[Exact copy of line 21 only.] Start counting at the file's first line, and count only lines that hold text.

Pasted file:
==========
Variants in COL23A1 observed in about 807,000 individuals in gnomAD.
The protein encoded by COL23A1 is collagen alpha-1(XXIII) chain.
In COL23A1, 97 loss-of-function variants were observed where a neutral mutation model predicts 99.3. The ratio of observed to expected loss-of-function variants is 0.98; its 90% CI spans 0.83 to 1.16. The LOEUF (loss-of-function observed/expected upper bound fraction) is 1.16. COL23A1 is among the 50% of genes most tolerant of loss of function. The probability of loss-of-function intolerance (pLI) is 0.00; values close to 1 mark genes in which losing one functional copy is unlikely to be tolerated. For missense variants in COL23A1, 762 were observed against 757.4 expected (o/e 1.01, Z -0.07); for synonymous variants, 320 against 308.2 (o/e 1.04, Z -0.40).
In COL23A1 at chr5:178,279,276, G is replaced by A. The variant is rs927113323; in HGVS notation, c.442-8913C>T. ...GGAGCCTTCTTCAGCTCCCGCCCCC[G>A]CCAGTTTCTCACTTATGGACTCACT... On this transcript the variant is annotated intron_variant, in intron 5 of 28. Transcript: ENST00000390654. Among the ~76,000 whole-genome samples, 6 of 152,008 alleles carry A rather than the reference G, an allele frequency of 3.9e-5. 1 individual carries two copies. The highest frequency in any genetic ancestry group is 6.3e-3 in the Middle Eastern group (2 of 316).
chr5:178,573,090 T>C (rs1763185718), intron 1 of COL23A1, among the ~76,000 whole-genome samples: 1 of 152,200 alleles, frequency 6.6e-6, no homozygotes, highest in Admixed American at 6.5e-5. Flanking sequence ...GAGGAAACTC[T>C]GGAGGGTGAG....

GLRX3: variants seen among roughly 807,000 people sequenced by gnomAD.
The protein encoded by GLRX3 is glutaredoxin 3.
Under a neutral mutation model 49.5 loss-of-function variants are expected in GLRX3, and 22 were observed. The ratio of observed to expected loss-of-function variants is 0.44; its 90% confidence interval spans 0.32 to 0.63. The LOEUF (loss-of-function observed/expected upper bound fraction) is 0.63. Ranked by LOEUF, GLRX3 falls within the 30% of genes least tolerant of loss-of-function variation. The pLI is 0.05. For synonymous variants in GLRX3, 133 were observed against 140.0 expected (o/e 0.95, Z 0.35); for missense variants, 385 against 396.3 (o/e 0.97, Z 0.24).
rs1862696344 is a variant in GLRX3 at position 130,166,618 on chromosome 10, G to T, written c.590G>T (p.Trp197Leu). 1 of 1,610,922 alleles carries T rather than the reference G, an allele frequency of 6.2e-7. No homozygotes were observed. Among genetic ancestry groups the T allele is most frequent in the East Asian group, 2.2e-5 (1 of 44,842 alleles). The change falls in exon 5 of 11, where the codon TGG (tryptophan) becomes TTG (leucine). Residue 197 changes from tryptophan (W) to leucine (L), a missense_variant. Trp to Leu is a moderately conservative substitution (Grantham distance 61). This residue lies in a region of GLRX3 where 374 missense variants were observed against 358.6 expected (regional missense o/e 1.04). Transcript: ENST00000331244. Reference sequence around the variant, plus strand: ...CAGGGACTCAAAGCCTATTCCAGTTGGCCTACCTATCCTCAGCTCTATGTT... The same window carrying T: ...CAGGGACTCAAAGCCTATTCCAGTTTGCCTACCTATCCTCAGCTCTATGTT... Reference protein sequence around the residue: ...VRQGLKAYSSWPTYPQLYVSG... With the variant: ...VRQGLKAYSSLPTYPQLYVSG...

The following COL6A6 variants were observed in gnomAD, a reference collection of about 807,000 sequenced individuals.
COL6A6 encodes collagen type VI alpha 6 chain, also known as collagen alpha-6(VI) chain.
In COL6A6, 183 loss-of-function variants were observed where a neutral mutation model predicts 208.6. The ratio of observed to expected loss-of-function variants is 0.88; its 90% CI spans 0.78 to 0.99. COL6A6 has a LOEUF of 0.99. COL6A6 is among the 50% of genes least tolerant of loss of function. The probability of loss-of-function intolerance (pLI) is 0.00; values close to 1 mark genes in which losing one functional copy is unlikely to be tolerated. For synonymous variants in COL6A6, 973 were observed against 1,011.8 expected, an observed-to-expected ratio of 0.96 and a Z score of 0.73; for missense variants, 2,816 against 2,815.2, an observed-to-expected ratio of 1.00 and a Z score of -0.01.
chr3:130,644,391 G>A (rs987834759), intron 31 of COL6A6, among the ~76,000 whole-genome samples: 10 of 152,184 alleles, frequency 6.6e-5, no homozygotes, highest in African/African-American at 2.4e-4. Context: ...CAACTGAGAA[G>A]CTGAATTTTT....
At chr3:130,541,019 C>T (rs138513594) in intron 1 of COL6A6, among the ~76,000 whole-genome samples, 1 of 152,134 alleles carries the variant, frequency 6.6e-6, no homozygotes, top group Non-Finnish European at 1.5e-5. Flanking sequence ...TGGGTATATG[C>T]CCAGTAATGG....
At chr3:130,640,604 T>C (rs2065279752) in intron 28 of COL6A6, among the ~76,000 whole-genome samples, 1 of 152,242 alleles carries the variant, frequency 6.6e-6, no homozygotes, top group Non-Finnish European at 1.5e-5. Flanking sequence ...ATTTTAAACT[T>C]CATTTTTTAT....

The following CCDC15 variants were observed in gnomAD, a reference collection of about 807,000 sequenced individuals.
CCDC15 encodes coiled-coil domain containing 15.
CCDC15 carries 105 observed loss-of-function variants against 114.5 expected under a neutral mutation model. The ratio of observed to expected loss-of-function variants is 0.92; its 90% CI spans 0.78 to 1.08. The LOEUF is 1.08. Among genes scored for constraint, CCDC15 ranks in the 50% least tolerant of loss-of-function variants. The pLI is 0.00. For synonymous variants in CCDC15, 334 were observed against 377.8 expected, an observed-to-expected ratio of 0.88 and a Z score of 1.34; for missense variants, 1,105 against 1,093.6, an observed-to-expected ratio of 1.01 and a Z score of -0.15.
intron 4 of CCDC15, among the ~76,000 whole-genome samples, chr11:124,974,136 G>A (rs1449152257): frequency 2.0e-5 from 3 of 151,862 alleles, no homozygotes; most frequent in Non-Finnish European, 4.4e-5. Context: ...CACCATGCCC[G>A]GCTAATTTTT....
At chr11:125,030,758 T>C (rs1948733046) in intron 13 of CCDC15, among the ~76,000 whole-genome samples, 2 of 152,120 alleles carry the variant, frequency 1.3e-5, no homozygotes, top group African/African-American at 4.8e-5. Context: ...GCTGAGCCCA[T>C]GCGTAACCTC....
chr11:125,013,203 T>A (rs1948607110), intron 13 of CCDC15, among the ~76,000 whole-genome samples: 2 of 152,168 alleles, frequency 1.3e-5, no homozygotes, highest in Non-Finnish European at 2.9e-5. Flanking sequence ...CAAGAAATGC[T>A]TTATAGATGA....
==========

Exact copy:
chr11:125,013,203 T>A (rs1948607110), intron 13 of CCDC15, among the ~76,000 whole-genome samples: 2 of 152,168 alleles, frequency 1.3e-5, no homozygotes, highest in Non-Finnish European at 2.9e-5. Flanking sequence ...CAAGAAATGC[T>A]TTATAGATGA....